The writer, a senior fellow at the Yale Law School and former chair of Morgan Stanley Asia, is author of ‘Accidental Conflict: America, China, and the Clash of False Narratives’
US Treasury secretary Janet Yellen’s recent trip to Beijing was the economic policymaker’s carbon copy of Antony Blinken’s earlier diplomatic mission — plenty of talk but no meaningful conflict resolution. The same can be expected from climate envoy John Kerry’s trip to China. Both sides are aiming low, more intent on re-establishing connections than rethinking a deeply troubled US-China relationship.
The problem is not with the messengers. The diplomats are just following orders, consistent with the leader-to-leader commitment Presidents Joe Biden and Xi Jinping made at the November 2022 G20 meeting in Bali to put “a floor” on the relationship. Yes, a floor is an improvement from a downward spiral, but it runs the very real risk of setting the stage for a new phase of conflict escalation.
Current efforts are a replay of an old, tired formula of US-China engagement. This featured periodic summits between 2006 and 2017, notably the twice yearly Strategic Economic Dialogues of the George W Bush administration followed by the broader annual Strategic and Economic Dialogues of the Obama era. These were grand and glorious exercises in event planning, but they failed to prevent the trade war, the tech war and the early skirmishes of a new cold war.
Now it seems that both Yellen and Blinken would like nothing better than to return to this failed approach. The same is the case with China. Li Qiang, the new Chinese premier, borrowed an elliptical page from one of his predecessors, Wen Jiabao, and spoke wistfully after meeting Yellen of seeing “rainbows” after a round of “wind and rain”.
This deeply troubled relationship needs far more than just a “floor” to prevent a new round of conflict escalation. That is the minimum that Biden and Xi expect from each other as responsible stewards of a fragile world. But without reinforcement, it could turn out to be surprisingly shaky.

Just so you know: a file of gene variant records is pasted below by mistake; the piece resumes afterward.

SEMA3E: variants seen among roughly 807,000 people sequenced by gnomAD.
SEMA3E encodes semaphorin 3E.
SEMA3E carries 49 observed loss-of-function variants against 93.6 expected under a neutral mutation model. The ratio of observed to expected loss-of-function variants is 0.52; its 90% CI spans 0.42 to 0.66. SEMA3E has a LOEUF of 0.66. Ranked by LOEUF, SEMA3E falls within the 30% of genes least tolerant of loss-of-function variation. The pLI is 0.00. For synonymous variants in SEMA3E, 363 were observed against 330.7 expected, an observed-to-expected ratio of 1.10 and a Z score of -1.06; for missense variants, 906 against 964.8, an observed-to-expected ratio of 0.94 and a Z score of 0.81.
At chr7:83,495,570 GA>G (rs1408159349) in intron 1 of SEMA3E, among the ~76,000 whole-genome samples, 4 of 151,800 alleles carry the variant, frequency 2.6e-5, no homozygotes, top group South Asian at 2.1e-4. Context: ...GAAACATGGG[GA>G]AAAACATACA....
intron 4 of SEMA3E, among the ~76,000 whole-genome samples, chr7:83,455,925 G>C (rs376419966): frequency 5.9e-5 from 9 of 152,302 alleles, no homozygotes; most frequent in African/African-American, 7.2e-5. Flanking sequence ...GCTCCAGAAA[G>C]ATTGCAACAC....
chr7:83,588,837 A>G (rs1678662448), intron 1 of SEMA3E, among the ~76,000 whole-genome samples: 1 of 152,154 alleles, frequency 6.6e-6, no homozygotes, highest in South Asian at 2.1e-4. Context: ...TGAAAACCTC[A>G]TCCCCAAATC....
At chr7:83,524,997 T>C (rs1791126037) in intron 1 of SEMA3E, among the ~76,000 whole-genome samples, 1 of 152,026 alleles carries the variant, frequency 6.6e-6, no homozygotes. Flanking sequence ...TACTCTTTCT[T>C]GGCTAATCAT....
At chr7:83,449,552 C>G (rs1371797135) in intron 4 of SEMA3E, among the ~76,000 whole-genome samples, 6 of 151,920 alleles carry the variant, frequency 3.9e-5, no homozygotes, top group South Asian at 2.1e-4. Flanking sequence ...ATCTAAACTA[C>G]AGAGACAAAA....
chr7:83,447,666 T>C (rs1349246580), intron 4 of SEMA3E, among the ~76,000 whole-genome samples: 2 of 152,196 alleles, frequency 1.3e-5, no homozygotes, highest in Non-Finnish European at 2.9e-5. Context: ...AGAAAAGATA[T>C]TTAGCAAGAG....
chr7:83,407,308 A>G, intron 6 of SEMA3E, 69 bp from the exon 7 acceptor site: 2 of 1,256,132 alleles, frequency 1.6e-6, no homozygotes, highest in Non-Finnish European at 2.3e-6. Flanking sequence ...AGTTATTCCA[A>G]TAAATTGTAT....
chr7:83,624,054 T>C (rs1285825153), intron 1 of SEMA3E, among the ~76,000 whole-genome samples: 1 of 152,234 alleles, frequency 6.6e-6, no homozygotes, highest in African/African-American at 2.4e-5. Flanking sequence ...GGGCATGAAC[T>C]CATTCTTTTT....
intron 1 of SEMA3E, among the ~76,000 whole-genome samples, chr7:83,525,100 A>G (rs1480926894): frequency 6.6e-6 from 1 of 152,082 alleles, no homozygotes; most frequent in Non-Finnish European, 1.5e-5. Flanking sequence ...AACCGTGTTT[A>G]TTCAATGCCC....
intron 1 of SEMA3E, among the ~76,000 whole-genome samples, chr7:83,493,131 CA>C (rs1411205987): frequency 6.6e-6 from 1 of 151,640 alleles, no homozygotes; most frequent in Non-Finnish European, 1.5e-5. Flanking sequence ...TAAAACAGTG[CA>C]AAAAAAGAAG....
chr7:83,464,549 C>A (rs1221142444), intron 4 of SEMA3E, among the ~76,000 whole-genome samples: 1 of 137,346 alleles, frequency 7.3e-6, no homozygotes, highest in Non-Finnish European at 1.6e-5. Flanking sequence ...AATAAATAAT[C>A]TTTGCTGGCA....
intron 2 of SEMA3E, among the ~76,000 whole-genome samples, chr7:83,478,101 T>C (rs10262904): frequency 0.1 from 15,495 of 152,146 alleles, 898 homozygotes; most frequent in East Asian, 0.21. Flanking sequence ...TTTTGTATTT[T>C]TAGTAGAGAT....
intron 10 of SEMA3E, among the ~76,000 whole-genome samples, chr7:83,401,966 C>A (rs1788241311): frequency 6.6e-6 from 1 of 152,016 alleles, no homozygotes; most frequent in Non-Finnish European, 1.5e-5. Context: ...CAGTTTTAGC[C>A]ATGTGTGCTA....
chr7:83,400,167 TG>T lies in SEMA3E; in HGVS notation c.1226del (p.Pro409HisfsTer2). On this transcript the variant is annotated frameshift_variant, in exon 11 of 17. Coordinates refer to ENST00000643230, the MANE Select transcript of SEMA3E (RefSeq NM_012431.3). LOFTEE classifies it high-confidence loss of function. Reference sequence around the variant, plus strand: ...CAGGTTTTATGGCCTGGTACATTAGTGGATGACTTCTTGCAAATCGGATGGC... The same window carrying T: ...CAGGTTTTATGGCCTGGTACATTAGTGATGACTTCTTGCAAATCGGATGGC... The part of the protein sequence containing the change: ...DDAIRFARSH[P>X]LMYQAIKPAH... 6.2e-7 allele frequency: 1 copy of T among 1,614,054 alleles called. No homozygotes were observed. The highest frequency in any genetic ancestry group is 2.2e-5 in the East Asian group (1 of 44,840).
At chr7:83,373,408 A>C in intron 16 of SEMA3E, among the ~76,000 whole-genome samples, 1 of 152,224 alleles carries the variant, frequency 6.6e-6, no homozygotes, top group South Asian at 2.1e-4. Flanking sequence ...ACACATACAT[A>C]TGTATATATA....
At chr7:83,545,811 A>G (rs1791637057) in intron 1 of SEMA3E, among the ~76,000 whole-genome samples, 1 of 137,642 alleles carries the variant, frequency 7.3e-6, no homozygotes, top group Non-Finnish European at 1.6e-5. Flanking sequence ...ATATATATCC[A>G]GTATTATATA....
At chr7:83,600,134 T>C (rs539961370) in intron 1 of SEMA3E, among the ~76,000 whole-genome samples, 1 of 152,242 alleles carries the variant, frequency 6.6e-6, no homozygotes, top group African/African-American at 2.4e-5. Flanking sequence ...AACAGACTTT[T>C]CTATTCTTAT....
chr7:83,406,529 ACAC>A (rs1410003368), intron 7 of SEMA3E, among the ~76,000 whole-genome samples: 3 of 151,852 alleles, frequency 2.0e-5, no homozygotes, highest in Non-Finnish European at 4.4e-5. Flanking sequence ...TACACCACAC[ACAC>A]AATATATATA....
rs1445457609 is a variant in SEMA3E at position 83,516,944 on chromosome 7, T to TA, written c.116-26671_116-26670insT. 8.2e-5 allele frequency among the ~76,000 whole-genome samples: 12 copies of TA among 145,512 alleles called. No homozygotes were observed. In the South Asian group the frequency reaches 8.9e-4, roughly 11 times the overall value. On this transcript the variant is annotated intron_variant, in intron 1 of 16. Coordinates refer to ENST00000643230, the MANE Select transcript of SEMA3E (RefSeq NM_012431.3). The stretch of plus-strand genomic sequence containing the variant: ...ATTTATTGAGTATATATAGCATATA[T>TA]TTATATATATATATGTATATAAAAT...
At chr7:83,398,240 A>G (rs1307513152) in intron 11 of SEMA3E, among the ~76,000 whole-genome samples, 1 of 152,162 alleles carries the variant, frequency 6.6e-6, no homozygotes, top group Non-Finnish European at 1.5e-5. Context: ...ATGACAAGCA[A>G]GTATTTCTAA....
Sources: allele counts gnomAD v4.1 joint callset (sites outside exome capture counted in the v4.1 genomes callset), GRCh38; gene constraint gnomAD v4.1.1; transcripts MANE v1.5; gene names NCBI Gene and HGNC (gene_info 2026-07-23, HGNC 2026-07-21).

The great February balloon fiasco is an example of how quickly matters can veer out of control in the face of the slightest glitch. This precarious state of affairs is an unavoidable consequence of an important shift in the priorities of US-China relationship management — a longstanding emphasis on economics and trade has now been supplanted by concerns over defence and security.
Unlike economics and trade, in which relationship conflicts are evaluated through the lens of hard data, security concerns are judged more on the basis of unsubstantiated presumptions of adversarial behaviour. China’s dual use of advanced technologies, blurring the distinction between commercial and military purposes, is a case in point. The US assumes that China will weaponise artificial intelligence just as it takes for granted that Huawei poses a backdoor threat to 5G infrastructure or TikTok will use proprietary data gathered from young US users for nefarious purposes.
China operates under the same paranoid mindset, presuming that Washington’s trade and technology sanctions are aimed at “all-around containment, encirclement and suppression”, to quote Xi’s words at this year’s Chinese People’s Political Consultative Conference. With both nations operating on the basis of presumption without evidence, the dangers of further escalation, especially in the face of looming risks for tech investment and strategic materials exports, cannot be ignored.
Old-style engagement is ill equipped to deal with these risks. In the end, that rests on leader-to-leader chemistry, which is always vulnerable to the tenuous interplay between domestic politics and the need for fragile human egos to save face. Today’s US-China conflict has outlived that approach.
For this reason, I am in favour of the establishment of a US-China secretariat as the centrepiece of a new architecture of Sino-American engagement — a permanent organisation, staffed by equal complements of US and Chinese professionals, located in a neutral jurisdiction with a broad remit for policy development, troubleshooting and conflict resolution. Its focus would be on a forward-looking, full-time approach to relationship management and dispute screening. A secretariat would shift the relationship framework away from the personalisation of endless diplomacy towards a more resilient institutionalisation of collaborative problem solving.
Stuck in the past, diplomats are now celebrating the thaw after a big freeze. While, for the time being, the escalation of tensions is on a tenuous hold, it is urgent that both superpowers seize the moment and push for an entirely new approach to conflict resolution — before it is too late.